Cape Town - South Africa seem set fair for
an early series kill against Sri Lanka as they shift to beloved Newlands, where
they have only lost one of the last 14 Tests, for the second encounter over New
Expectations of swollen crowds - day one on
Monday is already sold out - will only spur Faf du Plessis and company further
to get the job done rousingly, with the Wanderers closing fixture to spare.
According to David Brooke, the Cape Cobras’
brand and sponsorship manager, a healthy 12 500 tickets had also been sold for
the second day’s play by the time of writing on Friday.
It helped the SA cause ahead of the middle
Test enormously that they wrapped up the St George’s Park clash on Friday in
little more than an hour, seizing the required five wickets in 13.3 overs, to
secure a 206-run triumph.
Had the Lankans dragged out play
significantly deeper into the sun-filled day, the Proteas would have had reason
to fear for the sprightliness of their existing three-man seam attack at
Newlands, especially if they don’t get to bat first.
But the relatively light workout on day
five certainly stiffens the likelihood, fitness to all customers permitting,
that the same XI will duly operate again in Cape Town.
There is no compelling, purely
cricket-related reason now to adjust the team for Newlands, even if Temba
Bavuma has arguably become the batsman most endangered - albeit it’s a
ding-dong matter - for when premier stroke-player AB de Villiers returns from
his long-term injury.
Middle-order customer Bavuma has notched
only 40 runs in his last four innings (Adelaide and Port Elizabeth), but in his
defence his second-innings dismissal at St George’s Park would probably have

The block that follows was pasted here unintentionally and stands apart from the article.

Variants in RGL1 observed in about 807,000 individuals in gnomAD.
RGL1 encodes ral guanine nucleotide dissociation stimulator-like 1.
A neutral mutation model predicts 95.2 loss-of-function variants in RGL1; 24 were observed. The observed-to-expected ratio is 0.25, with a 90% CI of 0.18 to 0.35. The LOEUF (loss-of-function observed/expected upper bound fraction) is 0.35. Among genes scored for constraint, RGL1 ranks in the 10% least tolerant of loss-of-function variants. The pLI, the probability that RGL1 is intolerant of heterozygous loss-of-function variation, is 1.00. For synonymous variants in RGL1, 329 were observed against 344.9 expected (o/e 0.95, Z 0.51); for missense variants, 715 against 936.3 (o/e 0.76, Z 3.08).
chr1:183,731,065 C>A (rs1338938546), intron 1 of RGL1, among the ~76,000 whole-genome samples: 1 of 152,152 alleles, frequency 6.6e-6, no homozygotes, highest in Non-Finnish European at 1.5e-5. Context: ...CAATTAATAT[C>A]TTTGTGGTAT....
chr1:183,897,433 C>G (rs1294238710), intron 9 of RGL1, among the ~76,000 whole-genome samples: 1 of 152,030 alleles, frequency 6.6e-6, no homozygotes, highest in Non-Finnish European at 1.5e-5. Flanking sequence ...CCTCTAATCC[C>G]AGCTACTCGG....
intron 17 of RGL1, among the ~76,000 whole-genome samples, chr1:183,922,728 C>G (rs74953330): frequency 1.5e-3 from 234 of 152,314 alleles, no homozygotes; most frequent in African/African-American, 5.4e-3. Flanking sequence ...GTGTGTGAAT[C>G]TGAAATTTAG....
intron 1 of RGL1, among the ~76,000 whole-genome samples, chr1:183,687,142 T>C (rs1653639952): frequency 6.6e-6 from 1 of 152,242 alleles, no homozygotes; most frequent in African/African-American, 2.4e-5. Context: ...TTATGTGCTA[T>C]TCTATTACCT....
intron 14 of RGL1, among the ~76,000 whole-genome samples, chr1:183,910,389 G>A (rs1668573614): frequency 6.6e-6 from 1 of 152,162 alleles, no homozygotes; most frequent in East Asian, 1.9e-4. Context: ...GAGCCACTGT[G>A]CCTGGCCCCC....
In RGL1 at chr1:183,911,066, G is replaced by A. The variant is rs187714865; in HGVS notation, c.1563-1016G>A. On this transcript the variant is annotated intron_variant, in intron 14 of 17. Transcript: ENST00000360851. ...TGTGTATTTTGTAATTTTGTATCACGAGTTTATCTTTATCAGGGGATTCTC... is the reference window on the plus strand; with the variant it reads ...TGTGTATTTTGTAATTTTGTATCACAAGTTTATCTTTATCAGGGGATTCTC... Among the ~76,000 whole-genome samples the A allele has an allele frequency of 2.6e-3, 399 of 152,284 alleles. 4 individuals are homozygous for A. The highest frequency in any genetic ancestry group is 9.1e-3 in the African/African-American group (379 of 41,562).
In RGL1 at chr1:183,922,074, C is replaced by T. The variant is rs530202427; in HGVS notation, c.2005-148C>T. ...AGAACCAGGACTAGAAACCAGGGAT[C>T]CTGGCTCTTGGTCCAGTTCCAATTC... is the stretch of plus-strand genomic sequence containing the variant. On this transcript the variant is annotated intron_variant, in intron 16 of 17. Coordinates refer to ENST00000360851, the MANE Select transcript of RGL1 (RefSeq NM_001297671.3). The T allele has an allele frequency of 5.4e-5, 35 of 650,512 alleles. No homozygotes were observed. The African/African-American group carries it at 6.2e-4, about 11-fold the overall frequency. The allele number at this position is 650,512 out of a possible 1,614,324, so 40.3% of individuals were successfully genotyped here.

been reversed had it got to television referral.
He had also been really looking the part in
the earlier portion of the victorious series in Australia, and remember also
that his poignant maiden century came in last year’s New Year match at
Newlands, when he scored 102 not out in the high-scoring draw against England.
If the just-completed Test in the Friendly
City served notice of one thing, heading for game two, it was that the tourists
could prosper rather better in “total” terms if some of their batsmen match
tenacity shown with better shot selection and fewer pretty needless dismissals.
They did make the Proteas’ attack work appreciably
harder in the second innings to bundle them out, using up 96.3 overs as opposed
to only 64.5 in the first.
That said, you also get the feeling that
the heavy series favourites can crank up their collective ruthlessness and
efficiency a notch or two at Fortress Newlands.
As skipper Du Plessis noted, while clearly
chuffed overall, in the immediate post-match television interview: “We are
flying at around 80 percent ... we’ve got another 20 percent in the tank.”
In recent years, the Newlands surface has
become more and more renowned for mostly retaining its integrity right up to
day five, so a fair bit more bending of the backs may be required for South
Africa to complete the 20-wickets task.
Ashwell Prince, the SuperSport commentator
and former Proteas batsman and selector, warned that there might be “only a bit
more pace and bounce” than was witnessed in PE, and that perhaps a bit more
grass might need to be left on the strip to stop it from becoming a rank
Spinners can be influential at the venue,
and in that regard Keshav Maharaj’s continued strong strides at national level
at St George’s Park will be heartening to the SA camp.
Meanwhile, as if to add to their relative
woes, the Sri Lankans - their seam attack is hardly the most threatening ever
to visit these shores, judging by the last few days - would have been deeply
concerned about their champion left-arm spinner Rangana Herath getting struck
on a bowling finger by Kyle Abbott while he batted on Friday.
Still coming to terms, in some respects,
with life minus a certain “Muralitharan” surname in their XI, any fitness
uncertainty at all over the veteran Herath would be the very last thing they
need for the second Test ...
our chief writer on Twitter: @RobHouwing